Support for Teenagers: How to Reconnect


Teen boy on a bedI was asked recently about how to support a teen boy who is “possibly depressed, pretty shut down, and often won’t get out of bed for school or other essential activities.”

My son hasn’t had trouble with getting out of bed so I can’t speak to that, but I do know that the idea of meeting a child where they are, is SO key to building that bridge that allows them to feel safe enough to walk across it (or to move some of the emotional junk that has kept them from being able to walk across it).

My thought was about teen boys in general and how just BEING WITH them is so important. Being still, quiet, not saying much, just being a presence is essential. Slowing it all down, having no agenda.

Lately I have been doing a lot of just going into my son's (12yo) room, after knocking lightly on the door. I really don't say anything but “hey”, and then make it obvious by my actions that I haven't a care in the world but to be closer to him. I don't try to make eye contact or ask him what he's doing. I'm just sort of content to have been let in the room. I sit on his bed and lean my back against the wall.

And then I wait.

He'll keep reading or drawing , or whatever he's doing, mostly acting as if I'm not really there. I think his limbic system is all the while checking me out, just like it did when he would spend EVERY SPECIAL TIME FOR MONTHS smashing Tonka trucks together when we first started doing Special Time ten years ago. Like, “are you REALLY going to hang with me? Or are you going to bail when you get bored?”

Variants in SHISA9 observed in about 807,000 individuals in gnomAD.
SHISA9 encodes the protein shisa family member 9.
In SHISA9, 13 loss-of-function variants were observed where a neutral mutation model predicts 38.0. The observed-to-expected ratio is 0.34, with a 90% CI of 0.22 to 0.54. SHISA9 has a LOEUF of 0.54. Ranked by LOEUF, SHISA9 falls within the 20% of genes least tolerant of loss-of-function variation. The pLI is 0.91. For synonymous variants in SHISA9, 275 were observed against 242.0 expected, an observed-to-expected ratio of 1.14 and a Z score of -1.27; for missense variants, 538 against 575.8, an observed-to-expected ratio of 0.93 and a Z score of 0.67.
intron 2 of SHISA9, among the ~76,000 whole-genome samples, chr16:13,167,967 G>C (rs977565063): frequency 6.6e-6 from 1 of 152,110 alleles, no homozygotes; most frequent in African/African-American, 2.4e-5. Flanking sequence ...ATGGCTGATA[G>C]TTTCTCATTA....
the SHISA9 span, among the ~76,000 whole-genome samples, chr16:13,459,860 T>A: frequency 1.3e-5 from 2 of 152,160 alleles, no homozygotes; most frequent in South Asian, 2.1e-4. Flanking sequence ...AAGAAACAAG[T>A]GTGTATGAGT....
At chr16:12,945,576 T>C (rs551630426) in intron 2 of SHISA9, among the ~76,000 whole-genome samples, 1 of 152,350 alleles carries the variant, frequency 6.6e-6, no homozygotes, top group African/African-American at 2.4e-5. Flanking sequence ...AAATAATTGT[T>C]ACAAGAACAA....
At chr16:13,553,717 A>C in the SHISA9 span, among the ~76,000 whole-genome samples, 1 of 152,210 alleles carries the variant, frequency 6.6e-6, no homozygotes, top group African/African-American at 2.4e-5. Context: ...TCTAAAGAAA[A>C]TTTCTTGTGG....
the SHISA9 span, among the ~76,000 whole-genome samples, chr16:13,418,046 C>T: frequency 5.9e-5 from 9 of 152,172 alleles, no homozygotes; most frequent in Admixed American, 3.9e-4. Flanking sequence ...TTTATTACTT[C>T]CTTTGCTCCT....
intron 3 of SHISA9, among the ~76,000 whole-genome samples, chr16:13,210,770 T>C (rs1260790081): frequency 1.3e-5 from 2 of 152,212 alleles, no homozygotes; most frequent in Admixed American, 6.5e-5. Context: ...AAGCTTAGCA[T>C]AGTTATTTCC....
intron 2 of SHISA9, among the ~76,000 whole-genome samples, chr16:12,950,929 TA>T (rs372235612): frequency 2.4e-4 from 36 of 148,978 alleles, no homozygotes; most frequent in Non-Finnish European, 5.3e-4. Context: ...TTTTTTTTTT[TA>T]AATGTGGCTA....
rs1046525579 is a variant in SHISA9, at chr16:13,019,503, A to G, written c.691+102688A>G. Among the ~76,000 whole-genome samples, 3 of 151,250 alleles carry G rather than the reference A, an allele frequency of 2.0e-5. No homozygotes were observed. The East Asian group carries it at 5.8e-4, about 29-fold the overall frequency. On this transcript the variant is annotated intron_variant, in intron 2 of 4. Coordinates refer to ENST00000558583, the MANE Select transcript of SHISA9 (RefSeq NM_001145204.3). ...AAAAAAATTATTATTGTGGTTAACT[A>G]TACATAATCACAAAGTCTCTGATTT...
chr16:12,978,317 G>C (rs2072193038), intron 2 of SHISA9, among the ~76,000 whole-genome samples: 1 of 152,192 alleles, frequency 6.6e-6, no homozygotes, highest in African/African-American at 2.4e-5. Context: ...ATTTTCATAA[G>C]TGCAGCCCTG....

After about 10 minutes he starts talking about school and friends and funny things he saw on the internet. Or he shows me what he’s drawing and I make sure to pay relaxed, but interested attention. Or he’ll start shooting hoops on the basketball hoop on the back of his door and hand me the ball to shoot a time or two. Or nothing in particular will happen at all.

Here’s the cool thing. What I notice afterwards, and later that day, is that he is more relaxed, kinder to his younger brother, better eye contact, more interested in things in general, just as if he had a huge cry. It is amazing to me.

So my thought for this family, and other families of teens, is when your son is stuck in bed, pretending to sleep try climbing in bed with him, not saying much at all, having all the time in the world, and no expectation of anything being said or done. Or just lie down on the floor next to the bed.

As parents of preteens, we often have a good deal of urgency, fear, and worry about our young ones if they are anything but bright and cheery. We get worried about the teen years looming just around the corner (or that are already there), and all that they will be having to navigate.

So being still and meeting them exactly where they are is a good place to start . It’s not the complete answer, but a solid beginning of establishing trust, so that they know we are in their court when they need to unload some of the bigger stuff that gets in the way of their full and contented lives.

For more on connecting with teens read Teen Emotions: Helping Your Teen To Release and get our Understanding Preteens and Teens Free Download
Kirsten Nottleson

-Join Certified Instructor Kirsten Nottleson in her next online parenting class: Parenting by Connection Starter Class.

3 thoughts on “Support for Teenagers: How to Reconnect

  1. My son is 14 I know he has a lot I his mind , he is going to High school next year , he enrolled in advance clases and to stem program that he thought it was easy but it’s not required a lot of focus , that he is not , I try to put myself in his shoes

    • Hi Maria,

      It can be so hard, can’t it. You are doing a wonderful job. Listen to him whenever you get an invitation – that might be through just sitting peacefully next to him on the sofa, empathizing when he complains about the school work or the difficulty. It might be when he gets angry. Let him know that you hear him, that you can see it’s hard. In that way, you let him know that you are there.

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